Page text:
The capabilities of ion chromatography are essential as hexavalent chromium limits plunge ever lower in the attempt to ensure safe drinking water for all.

After nearly a decade of false starts, questions and legal action, California state has issued a final drinking standard for hexavalent chromium, which will take effect July 2014. The current California law sets 50 parts-per-billion total chromium as the maximum allowable in drinking water, but this amount includes both chromium(III), which is not a carcinogen and necessary in small amounts to human life, and chromium(VI), an atomic relative that has been shown to cause several types of cancers. California’s new law, though, sets the standard for chromium(VI) at 10 parts-per-billion (10 μg/L). 

Ion chromatography (IC) has long been at the forefront of chromium detection, and its applications and technology continue to grow as we learn more and more about our environment. Metrohm’s IC guru and Regulatory Affairs Manager Jay Gandhi recently spoke with Chromatography Techniques Editor Michelle Taylor about specific IC applications and what role the technology will play in the future.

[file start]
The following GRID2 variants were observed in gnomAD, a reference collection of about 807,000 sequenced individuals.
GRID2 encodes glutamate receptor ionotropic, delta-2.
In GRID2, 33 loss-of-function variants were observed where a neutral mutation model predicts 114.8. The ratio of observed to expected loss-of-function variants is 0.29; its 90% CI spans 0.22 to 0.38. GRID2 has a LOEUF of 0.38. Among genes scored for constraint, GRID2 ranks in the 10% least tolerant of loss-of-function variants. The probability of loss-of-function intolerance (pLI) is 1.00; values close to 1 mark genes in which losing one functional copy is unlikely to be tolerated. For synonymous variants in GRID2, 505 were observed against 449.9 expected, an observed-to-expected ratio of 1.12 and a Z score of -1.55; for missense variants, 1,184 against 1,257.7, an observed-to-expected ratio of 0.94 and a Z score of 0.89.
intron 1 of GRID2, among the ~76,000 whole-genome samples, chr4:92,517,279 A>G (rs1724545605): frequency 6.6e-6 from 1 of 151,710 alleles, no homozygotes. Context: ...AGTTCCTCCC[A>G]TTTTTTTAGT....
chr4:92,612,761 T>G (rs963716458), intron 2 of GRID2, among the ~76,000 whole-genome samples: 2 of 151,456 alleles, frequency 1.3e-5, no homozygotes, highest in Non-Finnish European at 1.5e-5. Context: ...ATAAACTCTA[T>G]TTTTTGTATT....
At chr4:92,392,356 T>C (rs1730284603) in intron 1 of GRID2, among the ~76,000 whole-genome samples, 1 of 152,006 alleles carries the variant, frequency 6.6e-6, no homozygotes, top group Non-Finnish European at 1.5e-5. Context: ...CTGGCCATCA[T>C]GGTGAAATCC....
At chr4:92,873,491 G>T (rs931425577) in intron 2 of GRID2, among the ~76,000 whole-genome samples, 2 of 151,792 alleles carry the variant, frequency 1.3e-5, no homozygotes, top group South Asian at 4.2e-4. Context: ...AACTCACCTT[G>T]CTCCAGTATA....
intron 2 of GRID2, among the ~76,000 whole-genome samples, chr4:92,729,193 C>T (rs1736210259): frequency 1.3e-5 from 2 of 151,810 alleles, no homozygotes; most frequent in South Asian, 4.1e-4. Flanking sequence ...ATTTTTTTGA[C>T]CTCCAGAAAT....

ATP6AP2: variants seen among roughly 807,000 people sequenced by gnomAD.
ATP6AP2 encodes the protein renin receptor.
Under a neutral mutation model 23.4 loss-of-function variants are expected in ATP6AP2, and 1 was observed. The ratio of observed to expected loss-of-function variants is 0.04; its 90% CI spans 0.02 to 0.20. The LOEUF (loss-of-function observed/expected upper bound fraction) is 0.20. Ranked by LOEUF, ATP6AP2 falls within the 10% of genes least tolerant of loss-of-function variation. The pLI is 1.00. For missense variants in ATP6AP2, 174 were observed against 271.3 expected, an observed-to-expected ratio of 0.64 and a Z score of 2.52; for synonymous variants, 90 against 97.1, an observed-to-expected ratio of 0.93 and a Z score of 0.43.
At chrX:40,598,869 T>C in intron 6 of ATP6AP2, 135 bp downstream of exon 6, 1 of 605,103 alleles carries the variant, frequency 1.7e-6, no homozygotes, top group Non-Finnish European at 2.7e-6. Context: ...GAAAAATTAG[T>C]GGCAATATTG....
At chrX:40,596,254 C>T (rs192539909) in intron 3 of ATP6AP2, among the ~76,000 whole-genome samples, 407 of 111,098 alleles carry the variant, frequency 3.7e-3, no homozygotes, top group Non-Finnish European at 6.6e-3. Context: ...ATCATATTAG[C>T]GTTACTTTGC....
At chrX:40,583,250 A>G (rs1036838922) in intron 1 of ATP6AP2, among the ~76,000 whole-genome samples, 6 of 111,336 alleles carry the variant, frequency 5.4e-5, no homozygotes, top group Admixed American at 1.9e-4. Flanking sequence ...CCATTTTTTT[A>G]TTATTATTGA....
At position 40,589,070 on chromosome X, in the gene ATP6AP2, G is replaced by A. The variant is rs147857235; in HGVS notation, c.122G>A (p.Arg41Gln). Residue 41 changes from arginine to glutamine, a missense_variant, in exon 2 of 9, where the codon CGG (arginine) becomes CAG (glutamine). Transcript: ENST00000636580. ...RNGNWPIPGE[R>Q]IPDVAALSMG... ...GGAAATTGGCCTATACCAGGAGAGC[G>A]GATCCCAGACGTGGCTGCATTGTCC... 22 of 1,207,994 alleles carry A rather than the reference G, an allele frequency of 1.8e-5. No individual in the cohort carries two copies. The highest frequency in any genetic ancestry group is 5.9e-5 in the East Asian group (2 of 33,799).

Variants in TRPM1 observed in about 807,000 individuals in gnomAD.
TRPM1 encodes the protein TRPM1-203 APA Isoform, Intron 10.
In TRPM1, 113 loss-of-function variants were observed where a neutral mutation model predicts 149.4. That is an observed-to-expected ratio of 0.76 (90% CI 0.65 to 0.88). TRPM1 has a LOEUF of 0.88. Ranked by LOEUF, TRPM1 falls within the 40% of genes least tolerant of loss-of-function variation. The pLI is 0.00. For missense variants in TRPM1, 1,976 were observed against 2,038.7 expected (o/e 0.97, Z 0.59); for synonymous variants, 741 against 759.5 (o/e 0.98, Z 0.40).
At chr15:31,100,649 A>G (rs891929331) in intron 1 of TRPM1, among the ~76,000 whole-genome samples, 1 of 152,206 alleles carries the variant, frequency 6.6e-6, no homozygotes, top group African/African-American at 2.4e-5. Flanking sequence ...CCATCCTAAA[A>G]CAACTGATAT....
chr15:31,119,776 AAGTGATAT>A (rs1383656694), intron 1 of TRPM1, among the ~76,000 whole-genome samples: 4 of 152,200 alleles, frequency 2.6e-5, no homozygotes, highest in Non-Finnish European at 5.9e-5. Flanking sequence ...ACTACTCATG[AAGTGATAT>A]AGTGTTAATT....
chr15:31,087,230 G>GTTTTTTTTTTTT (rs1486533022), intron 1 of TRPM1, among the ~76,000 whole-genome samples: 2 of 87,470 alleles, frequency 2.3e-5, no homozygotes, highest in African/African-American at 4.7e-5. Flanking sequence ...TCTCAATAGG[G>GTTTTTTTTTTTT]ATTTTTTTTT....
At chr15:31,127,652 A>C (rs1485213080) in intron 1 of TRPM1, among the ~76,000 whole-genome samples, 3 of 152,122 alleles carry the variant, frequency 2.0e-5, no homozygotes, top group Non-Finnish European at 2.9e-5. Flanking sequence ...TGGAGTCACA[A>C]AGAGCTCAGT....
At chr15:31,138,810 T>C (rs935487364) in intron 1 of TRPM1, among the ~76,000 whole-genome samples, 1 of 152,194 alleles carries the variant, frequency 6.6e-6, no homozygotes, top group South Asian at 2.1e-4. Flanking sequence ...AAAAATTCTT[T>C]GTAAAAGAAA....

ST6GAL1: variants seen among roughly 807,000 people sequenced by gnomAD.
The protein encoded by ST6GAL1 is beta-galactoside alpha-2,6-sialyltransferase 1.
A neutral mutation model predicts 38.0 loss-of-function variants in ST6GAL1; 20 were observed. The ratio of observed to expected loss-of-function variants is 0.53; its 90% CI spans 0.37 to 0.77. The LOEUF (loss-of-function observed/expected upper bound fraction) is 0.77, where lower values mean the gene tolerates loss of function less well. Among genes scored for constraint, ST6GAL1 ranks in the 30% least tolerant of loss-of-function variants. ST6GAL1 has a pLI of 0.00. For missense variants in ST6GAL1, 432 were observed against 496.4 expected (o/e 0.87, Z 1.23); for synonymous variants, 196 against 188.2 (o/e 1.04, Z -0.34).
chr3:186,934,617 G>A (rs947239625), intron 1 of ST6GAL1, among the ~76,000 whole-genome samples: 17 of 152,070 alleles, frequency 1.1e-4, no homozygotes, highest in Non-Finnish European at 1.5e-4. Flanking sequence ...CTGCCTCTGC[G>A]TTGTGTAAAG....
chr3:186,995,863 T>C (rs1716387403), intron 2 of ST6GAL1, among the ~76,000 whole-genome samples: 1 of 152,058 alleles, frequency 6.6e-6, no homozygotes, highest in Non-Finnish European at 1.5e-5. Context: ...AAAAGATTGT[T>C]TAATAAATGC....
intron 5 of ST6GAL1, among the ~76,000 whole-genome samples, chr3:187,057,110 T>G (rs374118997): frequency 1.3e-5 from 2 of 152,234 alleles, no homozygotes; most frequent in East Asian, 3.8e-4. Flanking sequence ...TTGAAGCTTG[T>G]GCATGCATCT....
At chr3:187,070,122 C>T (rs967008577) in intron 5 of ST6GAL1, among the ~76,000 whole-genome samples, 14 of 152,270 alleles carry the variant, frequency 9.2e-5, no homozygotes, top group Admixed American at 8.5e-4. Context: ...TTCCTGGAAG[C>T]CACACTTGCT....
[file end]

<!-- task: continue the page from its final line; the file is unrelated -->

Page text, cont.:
MT: How does IC technology ensure the safety of drinking water?

Jay Gandhi, Regulatory Affairs Manager, Metrohm, USAJG: IC technology separates the ions. Ions are suited for any salt in water because they are very soluble. Ions can be negative in charge, known as anions, or positively charged, known as cations. For example, fluoride in drinking water, nitrite/nitrate in water or phosphate in drinking water can be easily monitored using IC. Fluoride is important for dental health, nitrile/nitrate relates to bacteriological presence in the drinking water and phosphate can be either a pollutant or indicator of bad bacteria. This is the anion side of things. If you flip the coin to the cation side, you can monitor total hardness, like calcium and magnesium, in drinking water. You can also monitor ammonia concentration; ammonia is a positively charged nitrogen ion that is linked to bacterial growth. 

MT: In what other food and beverage apps has IC proven its worth?

JG: In the food and beverage industry specifically, IC is used with calcium-fortified orange juice. Manufacturers add calcium lactate as an additive to natural orange juice. Both calcium and lactaid can be monitored as cations using IC. If you had a dual-channel IC with an anion and cation channel, you could counterbalance the calcium and lactate acid concentrate. Overdoing calcium would make the orange juice taste like chalk; whereas overdoing calcium lactaid would cause problems for consumers with lactaid intolerance.